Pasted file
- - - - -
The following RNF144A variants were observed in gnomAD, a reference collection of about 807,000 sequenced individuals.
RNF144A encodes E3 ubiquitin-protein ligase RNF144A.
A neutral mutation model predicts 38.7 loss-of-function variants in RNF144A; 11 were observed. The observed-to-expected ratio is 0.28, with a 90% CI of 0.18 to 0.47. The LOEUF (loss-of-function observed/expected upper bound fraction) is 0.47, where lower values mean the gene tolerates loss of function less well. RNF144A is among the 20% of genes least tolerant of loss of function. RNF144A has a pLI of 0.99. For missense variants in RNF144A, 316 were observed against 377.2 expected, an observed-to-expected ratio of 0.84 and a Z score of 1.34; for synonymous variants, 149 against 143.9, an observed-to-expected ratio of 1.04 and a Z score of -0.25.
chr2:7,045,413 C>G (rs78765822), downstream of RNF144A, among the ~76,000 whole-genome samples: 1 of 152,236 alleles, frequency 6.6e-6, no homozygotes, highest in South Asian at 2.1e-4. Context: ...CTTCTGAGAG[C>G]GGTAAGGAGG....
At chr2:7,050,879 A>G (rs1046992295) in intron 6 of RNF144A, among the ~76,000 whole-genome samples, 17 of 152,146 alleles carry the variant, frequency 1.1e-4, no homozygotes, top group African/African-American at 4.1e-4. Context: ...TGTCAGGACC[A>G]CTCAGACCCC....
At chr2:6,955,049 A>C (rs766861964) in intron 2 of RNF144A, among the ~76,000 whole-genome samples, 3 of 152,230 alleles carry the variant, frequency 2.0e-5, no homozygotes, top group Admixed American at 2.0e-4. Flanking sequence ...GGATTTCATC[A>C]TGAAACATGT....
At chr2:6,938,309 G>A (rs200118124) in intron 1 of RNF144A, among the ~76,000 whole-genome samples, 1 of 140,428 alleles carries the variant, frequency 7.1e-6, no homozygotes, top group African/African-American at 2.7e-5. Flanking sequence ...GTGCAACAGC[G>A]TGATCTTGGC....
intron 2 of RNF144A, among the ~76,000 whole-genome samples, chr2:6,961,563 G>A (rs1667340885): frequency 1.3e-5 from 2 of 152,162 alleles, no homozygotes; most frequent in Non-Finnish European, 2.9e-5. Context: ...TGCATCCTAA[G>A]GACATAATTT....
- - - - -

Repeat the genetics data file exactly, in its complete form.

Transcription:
The following RNF144A variants were observed in gnomAD, a reference collection of about 807,000 sequenced individuals.
RNF144A encodes E3 ubiquitin-protein ligase RNF144A.
A neutral mutation model predicts 38.7 loss-of-function variants in RNF144A; 11 were observed. The observed-to-expected ratio is 0.28, with a 90% CI of 0.18 to 0.47. The LOEUF (loss-of-function observed/expected upper bound fraction) is 0.47, where lower values mean the gene tolerates loss of function less well. RNF144A is among the 20% of genes least tolerant of loss of function. RNF144A has a pLI of 0.99. For missense variants in RNF144A, 316 were observed against 377.2 expected, an observed-to-expected ratio of 0.84 and a Z score of 1.34; for synonymous variants, 149 against 143.9, an observed-to-expected ratio of 1.04 and a Z score of -0.25.
chr2:7,045,413 C>G (rs78765822), downstream of RNF144A, among the ~76,000 whole-genome samples: 1 of 152,236 alleles, frequency 6.6e-6, no homozygotes, highest in South Asian at 2.1e-4. Context: ...CTTCTGAGAG[C>G]GGTAAGGAGG....
At chr2:7,050,879 A>G (rs1046992295) in intron 6 of RNF144A, among the ~76,000 whole-genome samples, 17 of 152,146 alleles carry the variant, frequency 1.1e-4, no homozygotes, top group African/African-American at 4.1e-4. Context: ...TGTCAGGACC[A>G]CTCAGACCCC....
At chr2:6,955,049 A>C (rs766861964) in intron 2 of RNF144A, among the ~76,000 whole-genome samples, 3 of 152,230 alleles carry the variant, frequency 2.0e-5, no homozygotes, top group Admixed American at 2.0e-4. Flanking sequence ...GGATTTCATC[A>C]TGAAACATGT....
At chr2:6,938,309 G>A (rs200118124) in intron 1 of RNF144A, among the ~76,000 whole-genome samples, 1 of 140,428 alleles carries the variant, frequency 7.1e-6, no homozygotes, top group African/African-American at 2.7e-5. Flanking sequence ...GTGCAACAGC[G>A]TGATCTTGGC....
intron 2 of RNF144A, among the ~76,000 whole-genome samples, chr2:6,961,563 G>A (rs1667340885): frequency 1.3e-5 from 2 of 152,162 alleles, no homozygotes; most frequent in Non-Finnish European, 2.9e-5. Context: ...TGCATCCTAA[G>A]GACATAATTT....